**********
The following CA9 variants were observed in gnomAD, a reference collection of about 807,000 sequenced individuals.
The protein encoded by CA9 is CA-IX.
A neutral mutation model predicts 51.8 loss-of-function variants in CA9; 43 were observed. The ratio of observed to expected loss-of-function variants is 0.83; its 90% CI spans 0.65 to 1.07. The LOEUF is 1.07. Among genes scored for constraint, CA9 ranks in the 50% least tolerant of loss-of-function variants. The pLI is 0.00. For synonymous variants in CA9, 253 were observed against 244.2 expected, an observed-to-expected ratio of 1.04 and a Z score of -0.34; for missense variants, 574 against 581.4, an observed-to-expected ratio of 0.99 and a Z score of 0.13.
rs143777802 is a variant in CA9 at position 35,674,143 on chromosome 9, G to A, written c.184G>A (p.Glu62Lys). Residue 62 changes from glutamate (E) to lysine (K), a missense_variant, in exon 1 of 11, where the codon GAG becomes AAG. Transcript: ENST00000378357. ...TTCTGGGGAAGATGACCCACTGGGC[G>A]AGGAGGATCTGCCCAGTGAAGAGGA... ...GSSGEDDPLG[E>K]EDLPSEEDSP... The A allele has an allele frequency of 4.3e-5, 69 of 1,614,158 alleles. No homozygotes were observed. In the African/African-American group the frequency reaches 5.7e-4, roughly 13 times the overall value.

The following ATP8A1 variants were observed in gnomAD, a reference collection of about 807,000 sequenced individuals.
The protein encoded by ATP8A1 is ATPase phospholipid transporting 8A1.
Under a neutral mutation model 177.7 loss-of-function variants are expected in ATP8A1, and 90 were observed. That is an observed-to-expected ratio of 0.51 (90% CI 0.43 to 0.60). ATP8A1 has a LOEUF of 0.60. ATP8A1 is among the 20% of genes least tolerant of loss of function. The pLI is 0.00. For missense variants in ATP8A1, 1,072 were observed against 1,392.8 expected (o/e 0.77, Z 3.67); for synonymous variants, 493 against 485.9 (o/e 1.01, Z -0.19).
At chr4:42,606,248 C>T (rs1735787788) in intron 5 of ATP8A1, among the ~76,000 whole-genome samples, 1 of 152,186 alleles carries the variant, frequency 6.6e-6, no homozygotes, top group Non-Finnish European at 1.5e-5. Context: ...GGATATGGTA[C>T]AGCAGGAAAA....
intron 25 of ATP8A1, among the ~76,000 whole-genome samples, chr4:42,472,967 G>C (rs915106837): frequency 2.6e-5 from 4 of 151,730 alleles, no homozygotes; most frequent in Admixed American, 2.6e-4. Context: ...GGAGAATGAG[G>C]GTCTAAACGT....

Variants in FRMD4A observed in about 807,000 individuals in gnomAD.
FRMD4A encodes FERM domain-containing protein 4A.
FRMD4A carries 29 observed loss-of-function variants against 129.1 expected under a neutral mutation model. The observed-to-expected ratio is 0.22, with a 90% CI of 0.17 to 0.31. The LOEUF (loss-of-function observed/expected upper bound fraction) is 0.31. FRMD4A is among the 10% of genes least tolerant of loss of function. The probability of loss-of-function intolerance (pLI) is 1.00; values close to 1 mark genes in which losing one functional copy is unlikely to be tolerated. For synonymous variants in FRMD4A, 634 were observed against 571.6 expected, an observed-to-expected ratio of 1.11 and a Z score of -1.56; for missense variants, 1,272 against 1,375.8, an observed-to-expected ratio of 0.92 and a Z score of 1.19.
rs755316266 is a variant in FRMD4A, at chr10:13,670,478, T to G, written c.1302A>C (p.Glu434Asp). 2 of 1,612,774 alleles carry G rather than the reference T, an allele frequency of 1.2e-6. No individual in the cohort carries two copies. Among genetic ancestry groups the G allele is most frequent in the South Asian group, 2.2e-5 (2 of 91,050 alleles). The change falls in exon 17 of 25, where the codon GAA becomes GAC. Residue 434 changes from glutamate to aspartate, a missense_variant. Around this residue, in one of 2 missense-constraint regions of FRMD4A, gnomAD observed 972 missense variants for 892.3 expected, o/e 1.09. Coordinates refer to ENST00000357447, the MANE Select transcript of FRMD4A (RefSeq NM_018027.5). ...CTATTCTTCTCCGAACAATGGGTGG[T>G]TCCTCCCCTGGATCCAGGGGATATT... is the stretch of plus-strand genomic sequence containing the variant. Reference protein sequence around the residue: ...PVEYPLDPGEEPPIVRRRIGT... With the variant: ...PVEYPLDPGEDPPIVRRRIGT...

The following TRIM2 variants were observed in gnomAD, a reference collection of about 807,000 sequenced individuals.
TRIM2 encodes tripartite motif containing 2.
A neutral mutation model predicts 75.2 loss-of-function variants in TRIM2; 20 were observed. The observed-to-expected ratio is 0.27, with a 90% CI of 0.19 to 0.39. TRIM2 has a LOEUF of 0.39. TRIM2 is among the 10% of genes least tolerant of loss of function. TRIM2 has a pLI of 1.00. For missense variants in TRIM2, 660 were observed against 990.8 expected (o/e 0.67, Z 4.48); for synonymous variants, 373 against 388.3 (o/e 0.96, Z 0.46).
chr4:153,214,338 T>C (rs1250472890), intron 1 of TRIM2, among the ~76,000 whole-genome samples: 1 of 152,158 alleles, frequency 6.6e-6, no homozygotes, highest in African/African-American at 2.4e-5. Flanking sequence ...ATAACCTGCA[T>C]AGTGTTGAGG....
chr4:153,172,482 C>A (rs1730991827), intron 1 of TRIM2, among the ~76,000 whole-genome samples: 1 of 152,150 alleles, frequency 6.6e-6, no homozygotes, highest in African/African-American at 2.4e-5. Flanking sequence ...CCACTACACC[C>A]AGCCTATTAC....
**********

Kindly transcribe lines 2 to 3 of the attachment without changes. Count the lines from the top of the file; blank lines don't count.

The protein encoded by CA9 is CA-IX.
A neutral mutation model predicts 51.8 loss-of-function variants in CA9; 43 were observed. The ratio of observed to expected loss-of-function variants is 0.83; its 90% CI spans 0.65 to 1.07. The LOEUF is 1.07. Among genes scored for constraint, CA9 ranks in the 50% least tolerant of loss-of-function variants. The pLI is 0.00. For synonymous variants in CA9, 253 were observed against 244.2 expected, an observed-to-expected ratio of 1.04 and a Z score of -0.34; for missense variants, 574 against 581.4, an observed-to-expected ratio of 0.99 and a Z score of 0.13.